mar·que·try noun \ˈmär-kə-trē\
: decorative work in which elaborate patterns are formed by the insertion of pieces of material (as wood, shell, or ivory) into a wood veneer that is then applied to a surface (as of a piece of furniture)
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Origin of MARQUETRY
Middle French marqueterie,
to checker, inlay, from marque
First Known Use: 1563
marquetry noun (Concise Encyclopedia)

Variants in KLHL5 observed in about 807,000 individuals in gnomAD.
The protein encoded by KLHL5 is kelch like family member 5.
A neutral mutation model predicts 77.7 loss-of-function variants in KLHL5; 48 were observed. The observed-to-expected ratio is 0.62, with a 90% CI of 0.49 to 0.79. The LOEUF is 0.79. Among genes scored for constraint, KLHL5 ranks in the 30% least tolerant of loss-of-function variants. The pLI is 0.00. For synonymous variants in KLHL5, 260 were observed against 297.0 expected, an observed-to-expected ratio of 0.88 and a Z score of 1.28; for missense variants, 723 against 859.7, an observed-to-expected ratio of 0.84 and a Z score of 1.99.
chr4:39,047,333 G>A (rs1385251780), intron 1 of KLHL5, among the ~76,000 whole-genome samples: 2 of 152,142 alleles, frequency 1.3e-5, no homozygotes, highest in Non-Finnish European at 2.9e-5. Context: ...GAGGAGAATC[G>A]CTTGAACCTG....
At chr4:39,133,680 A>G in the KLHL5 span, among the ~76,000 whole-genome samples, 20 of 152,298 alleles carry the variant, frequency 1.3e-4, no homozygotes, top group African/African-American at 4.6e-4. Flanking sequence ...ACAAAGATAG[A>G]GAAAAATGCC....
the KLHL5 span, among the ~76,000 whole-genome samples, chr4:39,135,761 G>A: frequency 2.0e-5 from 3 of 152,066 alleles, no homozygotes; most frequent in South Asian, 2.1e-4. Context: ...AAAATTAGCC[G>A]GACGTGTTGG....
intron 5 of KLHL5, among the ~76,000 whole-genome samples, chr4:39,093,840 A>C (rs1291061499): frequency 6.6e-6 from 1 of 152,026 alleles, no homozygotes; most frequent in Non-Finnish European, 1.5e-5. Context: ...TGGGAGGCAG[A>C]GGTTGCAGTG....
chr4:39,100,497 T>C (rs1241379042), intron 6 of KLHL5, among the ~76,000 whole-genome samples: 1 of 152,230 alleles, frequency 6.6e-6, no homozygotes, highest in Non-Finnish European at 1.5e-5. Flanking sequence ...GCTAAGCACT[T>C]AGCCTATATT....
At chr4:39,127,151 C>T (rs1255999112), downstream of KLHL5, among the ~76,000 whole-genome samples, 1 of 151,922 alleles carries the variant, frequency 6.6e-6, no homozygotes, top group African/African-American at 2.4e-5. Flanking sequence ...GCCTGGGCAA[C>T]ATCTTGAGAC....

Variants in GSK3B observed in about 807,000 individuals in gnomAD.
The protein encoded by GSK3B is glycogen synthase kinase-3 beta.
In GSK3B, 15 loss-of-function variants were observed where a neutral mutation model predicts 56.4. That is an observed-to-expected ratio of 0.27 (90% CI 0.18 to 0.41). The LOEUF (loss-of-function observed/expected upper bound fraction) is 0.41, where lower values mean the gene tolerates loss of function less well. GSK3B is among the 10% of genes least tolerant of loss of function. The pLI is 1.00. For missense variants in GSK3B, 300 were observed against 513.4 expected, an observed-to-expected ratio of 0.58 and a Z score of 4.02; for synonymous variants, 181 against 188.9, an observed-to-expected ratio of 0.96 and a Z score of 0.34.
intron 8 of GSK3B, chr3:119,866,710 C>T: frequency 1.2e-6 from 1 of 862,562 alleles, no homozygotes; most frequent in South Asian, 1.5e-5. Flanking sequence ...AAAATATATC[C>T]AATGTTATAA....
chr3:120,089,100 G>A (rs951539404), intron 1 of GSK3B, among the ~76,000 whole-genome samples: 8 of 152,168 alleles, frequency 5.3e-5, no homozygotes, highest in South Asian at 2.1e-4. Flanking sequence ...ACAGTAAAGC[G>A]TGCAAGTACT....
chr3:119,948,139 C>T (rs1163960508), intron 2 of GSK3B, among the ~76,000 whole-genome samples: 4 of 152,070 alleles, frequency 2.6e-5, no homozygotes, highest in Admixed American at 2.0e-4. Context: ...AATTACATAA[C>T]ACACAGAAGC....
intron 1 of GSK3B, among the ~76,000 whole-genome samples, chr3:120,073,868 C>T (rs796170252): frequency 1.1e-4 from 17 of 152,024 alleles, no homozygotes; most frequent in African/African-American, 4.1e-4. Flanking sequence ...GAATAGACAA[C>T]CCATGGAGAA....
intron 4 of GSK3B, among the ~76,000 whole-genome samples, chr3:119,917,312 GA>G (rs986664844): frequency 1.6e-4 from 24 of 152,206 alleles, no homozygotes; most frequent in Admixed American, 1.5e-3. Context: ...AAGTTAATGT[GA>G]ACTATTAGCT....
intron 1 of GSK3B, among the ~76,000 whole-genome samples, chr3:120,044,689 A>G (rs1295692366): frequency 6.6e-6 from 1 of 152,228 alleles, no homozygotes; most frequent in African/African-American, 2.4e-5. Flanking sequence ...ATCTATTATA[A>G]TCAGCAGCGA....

Decorative work in which thin pieces of wood, metal, or organic material, such as shell or mother-of-pearl, are affixed in intricate patterns to the flat surfaces of furniture. Marquetry became popular in late 16th-century France and spread throughout Europe as the demand for luxurious home furnishings rose in the next two centuries. See also André-Charles Boulle.
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